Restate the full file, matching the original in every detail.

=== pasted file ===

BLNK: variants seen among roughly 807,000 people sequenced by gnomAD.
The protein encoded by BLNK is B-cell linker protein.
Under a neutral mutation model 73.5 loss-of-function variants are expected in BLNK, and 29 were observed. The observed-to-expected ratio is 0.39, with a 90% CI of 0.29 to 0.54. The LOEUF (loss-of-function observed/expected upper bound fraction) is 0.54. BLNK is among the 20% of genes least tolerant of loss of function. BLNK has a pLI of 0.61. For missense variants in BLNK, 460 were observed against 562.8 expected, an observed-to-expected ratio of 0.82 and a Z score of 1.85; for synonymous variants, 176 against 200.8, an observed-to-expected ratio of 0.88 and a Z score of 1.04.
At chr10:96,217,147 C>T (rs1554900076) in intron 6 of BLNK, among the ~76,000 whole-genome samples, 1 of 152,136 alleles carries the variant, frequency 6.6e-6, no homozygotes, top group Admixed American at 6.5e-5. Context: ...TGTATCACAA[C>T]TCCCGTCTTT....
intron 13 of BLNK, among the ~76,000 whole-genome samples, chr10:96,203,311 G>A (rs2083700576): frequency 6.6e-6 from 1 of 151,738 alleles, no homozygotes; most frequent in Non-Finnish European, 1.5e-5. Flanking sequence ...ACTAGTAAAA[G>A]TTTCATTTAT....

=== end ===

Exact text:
BLNK: variants seen among roughly 807,000 people sequenced by gnomAD.
The protein encoded by BLNK is B-cell linker protein.
Under a neutral mutation model 73.5 loss-of-function variants are expected in BLNK, and 29 were observed. The observed-to-expected ratio is 0.39, with a 90% CI of 0.29 to 0.54. The LOEUF (loss-of-function observed/expected upper bound fraction) is 0.54. BLNK is among the 20% of genes least tolerant of loss of function. BLNK has a pLI of 0.61. For missense variants in BLNK, 460 were observed against 562.8 expected, an observed-to-expected ratio of 0.82 and a Z score of 1.85; for synonymous variants, 176 against 200.8, an observed-to-expected ratio of 0.88 and a Z score of 1.04.
At chr10:96,217,147 C>T (rs1554900076) in intron 6 of BLNK, among the ~76,000 whole-genome samples, 1 of 152,136 alleles carries the variant, frequency 6.6e-6, no homozygotes, top group Admixed American at 6.5e-5. Context: ...TGTATCACAA[C>T]TCCCGTCTTT....
intron 13 of BLNK, among the ~76,000 whole-genome samples, chr10:96,203,311 G>A (rs2083700576): frequency 6.6e-6 from 1 of 151,738 alleles, no homozygotes; most frequent in Non-Finnish European, 1.5e-5. Flanking sequence ...ACTAGTAAAA[G>A]TTTCATTTAT....